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The following is the account of the reception of Henri de Bourbon, Prince of Condé, first Prince of the blood, granted by the company of la Mere Fulle of Dijon 1626. We the superlative, miralific and sci-ntific voters of the Dijon infantry, regents of Apollo, and of the Muses, legitimate, figurative children of the venerable Father Time-past, and of Marotte, or Fool's head, and of their children, grand children, and great, great, great grand children; red, yellow, and green, covered, uncovered, and all in rags, to all fools, arch-fools, lunatics, heterociites, madcaps, capricious-poets, paper-skulls, and logger-heads; almanacs, old and new, past, present, and to come, greeting; double pistoles, ducats, and all the bad money of Portugal ; new wine, without the gripes, or insurre&tion of the entrails : who would believe it, the High and Mighty Henri de Bourbon, Prince of Condé, first Prince of the blood royal, house, and crown of France, knight every hair and inch of him, who could have thought he would have honoured, by his presence, the greasy bearded, gutling blades of Mother Madcap, and have deigned to demand in full assembly, to be matriculated and recognizated as he has been, yea and covercq with this nonpareil Fool's-cap, laying his hand on the cap and bells, and swearing in the behalf of Folly to a league offensive, and defenfive, thereby inviolably to maintain, guard, and support Folly in all points, and to aid and obey her on all occasions, requiring letters patent for this purpose, to which our redoubtable dame and mother being inclined full of our science, puissance, and authority, without other preceding information, and in full confidence of his princely intentions, she has here with alacrity by these presents, hurly burly, with arms open and uncovered, received and impatronized, we him receiving and impatronizing in our Dijon infantry in such sort and manner, that he shall remain incorporated in the intestine cabinet, and generally as long as Folly shall endure, may, by her consent, there remain, hold, and exercise at his pleasure whatever charge it shall please him in the honors, prerogatives, pre-eminencies, authority, and potency, which heaven, his birth, and his sword, have for hin acquired; that his highness may manfully, and by force of arms aid Folly in eternizing herself, and that she may not be impeded, but with free egress and regress, may expose her merchandize, may traffic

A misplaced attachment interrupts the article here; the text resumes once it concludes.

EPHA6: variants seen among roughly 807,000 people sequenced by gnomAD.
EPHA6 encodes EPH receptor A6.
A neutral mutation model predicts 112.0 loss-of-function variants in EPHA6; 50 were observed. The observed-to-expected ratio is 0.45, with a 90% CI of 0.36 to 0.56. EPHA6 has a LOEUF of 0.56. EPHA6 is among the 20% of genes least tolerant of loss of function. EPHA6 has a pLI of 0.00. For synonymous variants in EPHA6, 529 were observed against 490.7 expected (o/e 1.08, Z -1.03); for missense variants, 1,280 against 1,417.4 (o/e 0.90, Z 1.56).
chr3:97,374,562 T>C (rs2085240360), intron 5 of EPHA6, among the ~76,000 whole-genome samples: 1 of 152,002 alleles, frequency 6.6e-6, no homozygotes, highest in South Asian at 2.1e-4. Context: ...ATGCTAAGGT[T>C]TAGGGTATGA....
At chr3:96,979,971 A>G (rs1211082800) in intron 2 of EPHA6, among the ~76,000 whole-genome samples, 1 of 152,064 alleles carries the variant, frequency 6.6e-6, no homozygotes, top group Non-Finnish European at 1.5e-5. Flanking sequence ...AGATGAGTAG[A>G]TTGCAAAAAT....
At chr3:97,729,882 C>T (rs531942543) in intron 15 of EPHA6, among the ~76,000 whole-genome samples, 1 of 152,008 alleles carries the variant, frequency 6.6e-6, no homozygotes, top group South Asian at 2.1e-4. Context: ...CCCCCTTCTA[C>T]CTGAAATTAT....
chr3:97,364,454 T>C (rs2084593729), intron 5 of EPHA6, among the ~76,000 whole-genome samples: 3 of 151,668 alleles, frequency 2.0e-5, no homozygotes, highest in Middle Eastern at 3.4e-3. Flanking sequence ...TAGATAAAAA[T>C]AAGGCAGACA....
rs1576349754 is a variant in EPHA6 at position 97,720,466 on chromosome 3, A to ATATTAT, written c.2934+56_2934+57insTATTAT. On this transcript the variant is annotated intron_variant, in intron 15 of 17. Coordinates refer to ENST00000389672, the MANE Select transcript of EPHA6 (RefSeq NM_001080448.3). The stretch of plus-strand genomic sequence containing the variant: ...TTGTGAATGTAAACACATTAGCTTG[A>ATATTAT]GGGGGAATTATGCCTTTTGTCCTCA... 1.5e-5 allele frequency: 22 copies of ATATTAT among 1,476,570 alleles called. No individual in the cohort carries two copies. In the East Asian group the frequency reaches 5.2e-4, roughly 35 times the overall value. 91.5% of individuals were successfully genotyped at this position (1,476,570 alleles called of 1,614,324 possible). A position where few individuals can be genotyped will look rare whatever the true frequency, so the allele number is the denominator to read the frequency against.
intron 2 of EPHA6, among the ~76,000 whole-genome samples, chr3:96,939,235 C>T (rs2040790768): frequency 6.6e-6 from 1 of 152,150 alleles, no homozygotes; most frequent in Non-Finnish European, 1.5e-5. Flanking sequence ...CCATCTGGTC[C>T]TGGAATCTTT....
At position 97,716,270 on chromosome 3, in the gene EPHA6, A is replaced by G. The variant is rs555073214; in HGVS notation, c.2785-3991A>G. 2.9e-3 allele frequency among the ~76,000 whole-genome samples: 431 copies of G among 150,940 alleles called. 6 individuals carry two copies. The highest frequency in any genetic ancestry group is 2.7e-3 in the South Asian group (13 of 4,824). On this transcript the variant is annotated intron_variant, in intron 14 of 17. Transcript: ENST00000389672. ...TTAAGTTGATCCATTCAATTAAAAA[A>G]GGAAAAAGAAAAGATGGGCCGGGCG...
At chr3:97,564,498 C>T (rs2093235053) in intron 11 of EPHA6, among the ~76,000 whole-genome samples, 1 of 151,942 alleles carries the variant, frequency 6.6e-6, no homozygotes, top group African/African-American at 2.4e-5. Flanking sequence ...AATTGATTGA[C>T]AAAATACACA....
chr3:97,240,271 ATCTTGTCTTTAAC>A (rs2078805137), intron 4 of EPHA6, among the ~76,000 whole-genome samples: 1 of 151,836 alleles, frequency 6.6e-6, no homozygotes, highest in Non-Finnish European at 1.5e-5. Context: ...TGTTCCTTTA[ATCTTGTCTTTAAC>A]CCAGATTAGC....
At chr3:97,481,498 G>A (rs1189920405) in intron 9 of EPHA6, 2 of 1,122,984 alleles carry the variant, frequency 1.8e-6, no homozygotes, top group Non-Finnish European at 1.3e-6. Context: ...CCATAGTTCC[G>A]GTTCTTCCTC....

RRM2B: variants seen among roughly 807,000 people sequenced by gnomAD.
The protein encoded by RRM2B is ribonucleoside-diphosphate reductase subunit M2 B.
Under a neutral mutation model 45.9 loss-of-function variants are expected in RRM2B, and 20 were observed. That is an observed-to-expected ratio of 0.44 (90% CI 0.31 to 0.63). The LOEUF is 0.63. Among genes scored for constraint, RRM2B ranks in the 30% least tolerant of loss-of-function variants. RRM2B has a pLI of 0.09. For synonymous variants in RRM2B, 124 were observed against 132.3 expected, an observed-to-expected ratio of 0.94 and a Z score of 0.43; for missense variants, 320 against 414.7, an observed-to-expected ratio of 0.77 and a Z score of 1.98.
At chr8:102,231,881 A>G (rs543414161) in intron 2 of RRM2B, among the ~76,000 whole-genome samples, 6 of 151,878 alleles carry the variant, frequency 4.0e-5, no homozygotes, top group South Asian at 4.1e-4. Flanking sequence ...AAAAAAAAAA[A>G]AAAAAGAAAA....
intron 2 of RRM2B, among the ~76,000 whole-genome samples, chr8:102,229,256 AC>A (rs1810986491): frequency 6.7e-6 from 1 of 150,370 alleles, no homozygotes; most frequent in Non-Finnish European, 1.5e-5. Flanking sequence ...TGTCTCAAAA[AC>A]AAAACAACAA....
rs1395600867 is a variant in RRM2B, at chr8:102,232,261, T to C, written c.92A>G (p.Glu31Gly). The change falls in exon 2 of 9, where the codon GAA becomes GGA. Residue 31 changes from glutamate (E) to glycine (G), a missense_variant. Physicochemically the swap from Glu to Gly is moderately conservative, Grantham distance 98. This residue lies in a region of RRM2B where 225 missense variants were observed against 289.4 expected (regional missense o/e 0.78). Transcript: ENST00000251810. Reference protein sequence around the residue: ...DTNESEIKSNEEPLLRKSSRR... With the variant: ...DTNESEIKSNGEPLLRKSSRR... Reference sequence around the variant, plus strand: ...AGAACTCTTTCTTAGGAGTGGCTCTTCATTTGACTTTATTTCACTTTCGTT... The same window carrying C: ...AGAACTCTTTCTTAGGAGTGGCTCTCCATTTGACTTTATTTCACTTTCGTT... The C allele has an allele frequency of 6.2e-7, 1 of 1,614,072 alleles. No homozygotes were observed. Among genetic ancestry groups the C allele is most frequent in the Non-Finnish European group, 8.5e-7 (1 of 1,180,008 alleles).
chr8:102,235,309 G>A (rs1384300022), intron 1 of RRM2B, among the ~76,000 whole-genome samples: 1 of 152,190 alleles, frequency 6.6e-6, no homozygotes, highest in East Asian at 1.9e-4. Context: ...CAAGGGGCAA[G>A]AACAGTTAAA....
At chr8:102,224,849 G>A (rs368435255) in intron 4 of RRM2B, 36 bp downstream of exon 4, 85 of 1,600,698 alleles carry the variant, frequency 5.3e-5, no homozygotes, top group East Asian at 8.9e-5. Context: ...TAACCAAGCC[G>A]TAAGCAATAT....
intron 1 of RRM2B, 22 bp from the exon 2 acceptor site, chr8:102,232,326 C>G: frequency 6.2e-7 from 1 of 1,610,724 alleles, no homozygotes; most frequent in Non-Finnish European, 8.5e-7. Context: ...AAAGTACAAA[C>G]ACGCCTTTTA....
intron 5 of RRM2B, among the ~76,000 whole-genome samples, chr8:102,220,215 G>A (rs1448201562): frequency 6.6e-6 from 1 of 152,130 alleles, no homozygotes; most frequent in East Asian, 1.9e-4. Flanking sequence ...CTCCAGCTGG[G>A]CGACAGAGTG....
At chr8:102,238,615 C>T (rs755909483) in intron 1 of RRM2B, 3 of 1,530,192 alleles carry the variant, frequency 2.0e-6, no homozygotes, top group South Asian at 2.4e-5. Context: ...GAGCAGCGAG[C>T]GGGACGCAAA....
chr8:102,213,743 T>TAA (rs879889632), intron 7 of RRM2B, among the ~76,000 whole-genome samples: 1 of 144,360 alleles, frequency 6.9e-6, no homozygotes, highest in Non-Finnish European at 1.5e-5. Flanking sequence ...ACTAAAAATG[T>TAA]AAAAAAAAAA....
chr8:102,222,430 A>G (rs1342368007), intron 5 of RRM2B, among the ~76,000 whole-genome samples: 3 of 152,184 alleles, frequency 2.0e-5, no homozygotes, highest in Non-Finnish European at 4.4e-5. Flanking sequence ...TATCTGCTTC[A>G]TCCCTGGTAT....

SHOULD be glad to know, through
the medium of your useful magazine,
whether a pronouncing Dićtionary of names of places on the plan of SHER1DAN’s and WALKER’s has been published. Such a work has long appeared to me very desirable, and I do not at present see any sufficient obječtion to the execution of it.
Would it not be a confiderable recommendation to a Gazetteer, if the proper pronunciation of the German, French, Italian, &c. names of places were given.
There are many gentlemen in the country, who are fond of reading, and particularly of Geography, but who from their little intercourse with the commercial and well-informed part of society, are almost afraid to mention the names of places, and sometimes feel embarrassed if required to read a news-paper in a mixed company. A person may have a pretty good classical education and yet, being ignorant of the continental languages, be entirely at a loss for the pronunciation of many words he may meet with in almost every page of Geography.
Should any gentleman, properly qualified, undertake a work of the above description, I have no doubt of his meeting with liberal encouragement from the public.
terary correspondents, you will much